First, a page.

It’s day three of the Goderich Celtic Roots Music Festival’s weekend edition, but festival events have been going on since Aug. 1. Even on the final day of what must be a long week for the volunteers and crew, warm welcomes abound. This seems to have a domino affect on everyone from the festival goers to the performers, who are eager to share a smile and spare a moment to talk with each other.
I’m a huge fan of Celtic dancing, so going to watch the dancing is a must. I make a bee-line to the Dance Stage to see the Step Dance Showcase featuring Jake James, Kyle Waymouth, Emily Jean Flack, Tom Fitzgerald, Julie Fitzgerald and Dan Stacey among many talented dancers. It’s a sunny, humid day, but the breeze from the lake picks up over the Dance Stage as the crew and performers prepare for the show.
Step Dance Showcase at the Dance Stage
The tap that is characteristic of Celtic styles of dance, makes it difficult to contain step dancing under the umbrella of “dance” only. It really embodies an immersive form that is both dance and music at once. Many of the dancers in the showcase are also talented musicians in the festival line-up, including Emily Jean Flack, Dan Stacey and Kyle Waymouth.
Emily, Dan and Kyle explain to the audience some of the distinctions between the different step dance genres, from the Ottawa Valley Step to the Irish céilís to the English clog. These dances also have different regional variations. Today at the Dance Stage, most of the dances being showcased are Ottawa Valley Step. These dances draw their moves from the “famous four” that form the core choreography. With group step dancing, usually what happens is that each of the dancers takes turns showcasing their moves, which include their own distinct renditions with respect to these famous four dances.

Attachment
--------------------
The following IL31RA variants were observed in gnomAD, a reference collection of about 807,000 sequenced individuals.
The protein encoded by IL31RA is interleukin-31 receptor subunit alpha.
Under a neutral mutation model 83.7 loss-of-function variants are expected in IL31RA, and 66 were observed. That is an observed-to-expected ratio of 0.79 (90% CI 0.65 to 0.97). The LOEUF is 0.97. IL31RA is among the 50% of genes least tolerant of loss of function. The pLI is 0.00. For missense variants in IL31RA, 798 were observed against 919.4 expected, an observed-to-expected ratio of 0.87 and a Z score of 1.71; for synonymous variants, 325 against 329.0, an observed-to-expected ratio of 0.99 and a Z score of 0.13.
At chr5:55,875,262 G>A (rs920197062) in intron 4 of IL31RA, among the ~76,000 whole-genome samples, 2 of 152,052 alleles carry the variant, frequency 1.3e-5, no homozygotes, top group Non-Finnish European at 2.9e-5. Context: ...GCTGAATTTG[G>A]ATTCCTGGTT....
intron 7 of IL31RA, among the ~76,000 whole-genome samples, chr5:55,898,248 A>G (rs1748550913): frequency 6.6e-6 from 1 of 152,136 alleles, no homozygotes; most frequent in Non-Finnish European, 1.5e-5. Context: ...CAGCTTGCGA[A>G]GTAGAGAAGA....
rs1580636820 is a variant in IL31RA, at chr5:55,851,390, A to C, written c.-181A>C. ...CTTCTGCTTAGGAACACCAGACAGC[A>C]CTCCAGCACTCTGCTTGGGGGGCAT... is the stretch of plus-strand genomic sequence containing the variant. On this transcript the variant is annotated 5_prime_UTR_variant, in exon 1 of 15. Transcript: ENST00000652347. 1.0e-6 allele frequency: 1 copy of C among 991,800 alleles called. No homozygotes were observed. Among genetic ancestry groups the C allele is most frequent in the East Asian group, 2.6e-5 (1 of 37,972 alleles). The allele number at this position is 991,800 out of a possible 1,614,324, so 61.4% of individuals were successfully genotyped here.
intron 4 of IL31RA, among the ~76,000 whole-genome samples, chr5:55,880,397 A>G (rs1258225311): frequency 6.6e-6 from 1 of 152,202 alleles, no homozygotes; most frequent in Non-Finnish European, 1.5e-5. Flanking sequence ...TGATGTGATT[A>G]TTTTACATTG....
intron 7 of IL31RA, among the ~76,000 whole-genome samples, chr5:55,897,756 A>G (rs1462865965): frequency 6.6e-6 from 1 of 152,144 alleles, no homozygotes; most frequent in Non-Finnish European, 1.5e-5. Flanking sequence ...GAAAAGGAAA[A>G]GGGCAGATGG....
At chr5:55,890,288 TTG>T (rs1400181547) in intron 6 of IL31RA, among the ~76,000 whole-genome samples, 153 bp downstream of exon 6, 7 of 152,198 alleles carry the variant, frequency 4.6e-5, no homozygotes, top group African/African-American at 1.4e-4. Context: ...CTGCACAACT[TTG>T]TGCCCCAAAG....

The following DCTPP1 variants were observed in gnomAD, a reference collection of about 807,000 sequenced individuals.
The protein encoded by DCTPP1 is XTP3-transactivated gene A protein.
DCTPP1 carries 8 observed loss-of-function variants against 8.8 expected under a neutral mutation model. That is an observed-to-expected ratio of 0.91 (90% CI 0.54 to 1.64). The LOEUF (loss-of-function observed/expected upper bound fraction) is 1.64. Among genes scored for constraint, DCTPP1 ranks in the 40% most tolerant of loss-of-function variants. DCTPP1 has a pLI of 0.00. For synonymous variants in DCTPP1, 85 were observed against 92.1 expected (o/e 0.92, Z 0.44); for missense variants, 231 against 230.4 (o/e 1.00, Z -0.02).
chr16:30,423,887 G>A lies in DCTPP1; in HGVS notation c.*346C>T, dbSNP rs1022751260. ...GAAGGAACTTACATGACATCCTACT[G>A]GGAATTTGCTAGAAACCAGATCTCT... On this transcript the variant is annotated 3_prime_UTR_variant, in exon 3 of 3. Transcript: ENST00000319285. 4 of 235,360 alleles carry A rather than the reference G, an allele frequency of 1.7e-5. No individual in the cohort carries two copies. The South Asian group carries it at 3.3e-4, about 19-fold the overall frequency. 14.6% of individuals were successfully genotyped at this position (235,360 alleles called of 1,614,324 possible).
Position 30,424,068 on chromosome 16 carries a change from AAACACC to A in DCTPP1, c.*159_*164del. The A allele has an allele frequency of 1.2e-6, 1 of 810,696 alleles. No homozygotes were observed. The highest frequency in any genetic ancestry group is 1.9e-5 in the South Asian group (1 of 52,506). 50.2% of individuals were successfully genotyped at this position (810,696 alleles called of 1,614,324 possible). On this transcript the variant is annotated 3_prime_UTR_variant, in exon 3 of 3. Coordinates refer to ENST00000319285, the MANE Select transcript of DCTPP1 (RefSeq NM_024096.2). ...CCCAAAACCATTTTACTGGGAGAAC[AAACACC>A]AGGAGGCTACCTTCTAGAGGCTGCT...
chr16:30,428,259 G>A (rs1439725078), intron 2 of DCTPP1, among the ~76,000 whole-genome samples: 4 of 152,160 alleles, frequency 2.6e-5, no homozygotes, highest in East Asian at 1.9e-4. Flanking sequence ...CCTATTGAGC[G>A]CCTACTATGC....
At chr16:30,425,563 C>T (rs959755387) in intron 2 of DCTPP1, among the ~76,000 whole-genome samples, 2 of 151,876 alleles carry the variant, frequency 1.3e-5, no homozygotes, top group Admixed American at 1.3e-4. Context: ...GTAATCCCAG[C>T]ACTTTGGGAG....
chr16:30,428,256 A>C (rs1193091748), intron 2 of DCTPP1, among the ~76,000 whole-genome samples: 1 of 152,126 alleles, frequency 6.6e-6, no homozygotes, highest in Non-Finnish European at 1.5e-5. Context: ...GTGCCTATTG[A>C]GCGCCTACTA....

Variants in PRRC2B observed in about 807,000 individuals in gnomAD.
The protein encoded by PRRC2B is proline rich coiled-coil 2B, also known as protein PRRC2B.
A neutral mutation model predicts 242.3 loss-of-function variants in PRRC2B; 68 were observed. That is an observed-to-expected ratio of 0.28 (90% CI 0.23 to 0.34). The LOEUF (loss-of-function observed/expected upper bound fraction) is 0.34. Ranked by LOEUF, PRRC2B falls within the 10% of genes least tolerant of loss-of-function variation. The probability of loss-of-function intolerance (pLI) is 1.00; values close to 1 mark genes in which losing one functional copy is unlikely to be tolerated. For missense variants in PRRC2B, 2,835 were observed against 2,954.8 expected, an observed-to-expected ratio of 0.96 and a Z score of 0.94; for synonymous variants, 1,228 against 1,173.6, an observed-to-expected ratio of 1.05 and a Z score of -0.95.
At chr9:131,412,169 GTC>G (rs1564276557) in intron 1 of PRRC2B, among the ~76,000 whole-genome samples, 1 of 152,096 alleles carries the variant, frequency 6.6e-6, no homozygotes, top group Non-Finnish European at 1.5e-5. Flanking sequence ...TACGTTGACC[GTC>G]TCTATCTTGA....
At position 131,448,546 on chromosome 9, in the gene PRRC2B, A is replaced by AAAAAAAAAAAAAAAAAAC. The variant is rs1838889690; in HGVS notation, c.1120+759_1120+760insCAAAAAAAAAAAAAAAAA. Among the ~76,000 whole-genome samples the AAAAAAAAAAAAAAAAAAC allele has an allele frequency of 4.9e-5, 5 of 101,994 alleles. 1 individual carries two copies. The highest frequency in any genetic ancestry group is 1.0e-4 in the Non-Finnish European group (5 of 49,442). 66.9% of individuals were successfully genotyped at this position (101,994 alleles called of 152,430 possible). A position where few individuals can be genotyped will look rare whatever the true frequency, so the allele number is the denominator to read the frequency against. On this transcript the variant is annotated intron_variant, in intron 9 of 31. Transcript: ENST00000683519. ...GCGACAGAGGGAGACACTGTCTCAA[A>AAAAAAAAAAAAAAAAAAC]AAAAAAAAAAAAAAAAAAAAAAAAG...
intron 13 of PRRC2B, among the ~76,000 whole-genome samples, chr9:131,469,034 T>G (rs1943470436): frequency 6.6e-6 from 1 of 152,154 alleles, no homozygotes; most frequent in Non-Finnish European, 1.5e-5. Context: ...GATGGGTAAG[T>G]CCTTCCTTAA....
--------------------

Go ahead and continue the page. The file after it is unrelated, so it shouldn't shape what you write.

Something unique about step dance is that it has never really had a governing body prescribing how it should be taught or practiced. It’s always been a community-based practice and tradition. Kyle also explains that similar to music genres becoming almost non-exist, he finds the same thing is happening with step dancing. There is a sharing that takes place over time between dance genres. Tap dance particularly has strongly influenced variations of modern step dancing.
Step dance events, which were traditionally held as contests, are becoming more rare. This makes the chance to witness them something very special. All the dances performed at the Dance Stage are breathtaking. The most spectacular dance concludes the show, with all the dancers gathered together onstage. In a spectacular immersion of sight and sound, the dancers use mixed choreography and move in variations of synchronized and non-synchronized patterns. The thundering sound of the dancing band vibrates across the stage. As they stomp their feet, the taps of their shoes hit the ground in a mix of heavy, long and short rumbling bolts. The dancing is met with cheers, applause and and Irish whoops, which echo across the stage area.